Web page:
as it is you never really have to wait for a new OpenGL version to be released as the hardware manufacturers (or driver developers) can (and does) extend OpenGL to suit their hardware. (the SM4 feature extensions are supported by all vendors with cards capable of using it)

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Quote:
Original post by thecwin
1. a. Am I right in thinking that HDRR is a rendering technique where lighting is worked out linearly, using high precision floating point values, then one uses a tone mapping algorithm of some sort to convert the calculations to 8 bit RGB integers for display on a monitor, optionally applying a bloom effect to values that are clamped to pure white?

Correct.

Quote:

b. If so, what support is there in OpenGL for this, in the way of shaders I guess. I mean, what's the 'standard' way of doing HDR rendering? I'm guessing this probably involves frame buffers or something...

It's independent of shaders, since modern shaders operate at floating point precision anyway. If you're using GLSL, you're on the safe side. Besides that, you need floating point framebuffer objects (or RGBE encoded 32bit ones, but this is an advanced technique). All this is pretty standard, and explained in all those HDR tutorials that float around the net.

Quote:

c. There seems to be far fewer resources for HDR in OpenGL than in DirectX. More specifically, with DirectX everyone seems to talk about Shader Model 3.0, enabling 32-bit floating point support and all that; with GLSL, is fp32 support implied, or does one have to enable it somehow?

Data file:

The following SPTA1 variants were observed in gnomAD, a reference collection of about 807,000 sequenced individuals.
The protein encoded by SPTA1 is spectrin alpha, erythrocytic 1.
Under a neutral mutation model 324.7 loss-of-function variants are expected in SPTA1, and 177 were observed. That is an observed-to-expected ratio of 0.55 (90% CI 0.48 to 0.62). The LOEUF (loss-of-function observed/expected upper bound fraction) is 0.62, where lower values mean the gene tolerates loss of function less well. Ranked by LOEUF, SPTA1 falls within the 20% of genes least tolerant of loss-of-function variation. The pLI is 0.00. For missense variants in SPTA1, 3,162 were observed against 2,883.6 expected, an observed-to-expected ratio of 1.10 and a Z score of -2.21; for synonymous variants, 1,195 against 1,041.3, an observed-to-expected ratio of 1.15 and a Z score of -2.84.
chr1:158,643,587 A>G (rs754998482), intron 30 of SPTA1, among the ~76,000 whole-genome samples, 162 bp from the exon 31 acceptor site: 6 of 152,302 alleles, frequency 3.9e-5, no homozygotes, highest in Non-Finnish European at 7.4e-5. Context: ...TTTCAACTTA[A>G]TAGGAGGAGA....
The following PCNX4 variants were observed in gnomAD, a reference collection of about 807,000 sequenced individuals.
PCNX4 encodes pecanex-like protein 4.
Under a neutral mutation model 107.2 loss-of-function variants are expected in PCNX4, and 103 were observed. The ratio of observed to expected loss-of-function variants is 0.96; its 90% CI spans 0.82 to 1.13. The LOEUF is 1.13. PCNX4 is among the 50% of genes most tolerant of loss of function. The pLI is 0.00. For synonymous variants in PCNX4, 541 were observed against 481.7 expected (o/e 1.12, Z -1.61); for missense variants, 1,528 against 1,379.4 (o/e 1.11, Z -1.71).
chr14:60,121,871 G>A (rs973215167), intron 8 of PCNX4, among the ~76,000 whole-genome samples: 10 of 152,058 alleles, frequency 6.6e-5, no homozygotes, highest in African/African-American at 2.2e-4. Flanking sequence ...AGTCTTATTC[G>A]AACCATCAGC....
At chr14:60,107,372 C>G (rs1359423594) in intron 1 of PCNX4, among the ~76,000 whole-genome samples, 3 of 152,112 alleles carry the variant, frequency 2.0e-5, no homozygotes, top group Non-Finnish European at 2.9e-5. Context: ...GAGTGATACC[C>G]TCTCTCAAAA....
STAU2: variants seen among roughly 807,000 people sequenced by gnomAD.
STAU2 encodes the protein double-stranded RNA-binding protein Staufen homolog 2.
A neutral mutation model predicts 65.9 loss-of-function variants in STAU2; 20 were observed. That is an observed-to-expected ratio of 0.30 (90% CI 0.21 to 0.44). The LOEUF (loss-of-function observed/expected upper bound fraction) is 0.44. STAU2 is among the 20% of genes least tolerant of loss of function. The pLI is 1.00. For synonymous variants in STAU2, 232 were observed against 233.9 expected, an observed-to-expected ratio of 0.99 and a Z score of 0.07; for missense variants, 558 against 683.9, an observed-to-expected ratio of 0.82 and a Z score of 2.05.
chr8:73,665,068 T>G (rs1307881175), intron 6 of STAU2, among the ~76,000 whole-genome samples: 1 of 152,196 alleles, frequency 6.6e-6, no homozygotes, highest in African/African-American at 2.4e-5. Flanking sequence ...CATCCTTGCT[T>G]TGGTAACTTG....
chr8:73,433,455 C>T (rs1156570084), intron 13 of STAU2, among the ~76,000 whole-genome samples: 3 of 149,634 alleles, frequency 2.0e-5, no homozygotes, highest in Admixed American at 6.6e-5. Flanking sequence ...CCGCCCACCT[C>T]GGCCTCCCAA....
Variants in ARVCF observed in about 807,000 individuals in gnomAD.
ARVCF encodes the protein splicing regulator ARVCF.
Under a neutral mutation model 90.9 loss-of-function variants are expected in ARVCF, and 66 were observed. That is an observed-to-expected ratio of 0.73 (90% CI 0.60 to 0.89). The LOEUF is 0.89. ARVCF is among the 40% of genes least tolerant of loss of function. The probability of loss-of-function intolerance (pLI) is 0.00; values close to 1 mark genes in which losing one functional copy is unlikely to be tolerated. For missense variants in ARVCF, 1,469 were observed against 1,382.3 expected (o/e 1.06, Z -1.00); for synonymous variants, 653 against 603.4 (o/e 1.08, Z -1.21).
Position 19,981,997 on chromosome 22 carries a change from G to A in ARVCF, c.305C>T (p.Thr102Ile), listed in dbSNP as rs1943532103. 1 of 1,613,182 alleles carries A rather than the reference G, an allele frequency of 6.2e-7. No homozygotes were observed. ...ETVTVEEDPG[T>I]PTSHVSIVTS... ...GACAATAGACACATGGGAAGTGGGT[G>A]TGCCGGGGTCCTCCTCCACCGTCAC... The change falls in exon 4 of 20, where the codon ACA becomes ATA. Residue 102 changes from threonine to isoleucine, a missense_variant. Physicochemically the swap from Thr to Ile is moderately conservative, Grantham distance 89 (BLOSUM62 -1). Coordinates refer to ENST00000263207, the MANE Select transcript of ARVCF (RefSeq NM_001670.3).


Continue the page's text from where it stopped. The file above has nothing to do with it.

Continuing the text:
The way to achieve HDR is exactly the same in D3D and in OpenGL. All SM3 features are accessed through GLSL in OpenGL, which implies fp16/32 support (in practice, fp16 is often used for performance reasons). Floating point render textures are available through standard extensions. Essentially, you don't have to worry about shader models in OpenGL.

Quote:

b. What versions of OpenGL are roughly equivelant to particular versions of DirectX/Shader Model, if that is even comparable?

There's no direct equivalence. It depends on the available extensions. In practice, almost all features available in D3D9 are available in OpenGL, and vice-versa.

Quote:

c. I understand that DirectX 10 is a big step up from 9.0c, is Longs Peak/MtEvans intended to be the true competition to DirectX 10, or are the current APIs a good feature match for each other, graphics wise?

Many D3D10 features are exposed under current OpenGL implementations through extensions (eg. geometry shaders).

Quote:

personally im not to great a fan of HDR ( as it doesnt really seem to add much vs its cost ), perhaps things would look better once we have higher bitdepth displays.

I completely disagree. This opinion shows that you have never seen a good implementation of realtime HDR. The difference is enormeous. HDR support (with good tonemapping) is absolutely vital to obtain photorealistic 3D images.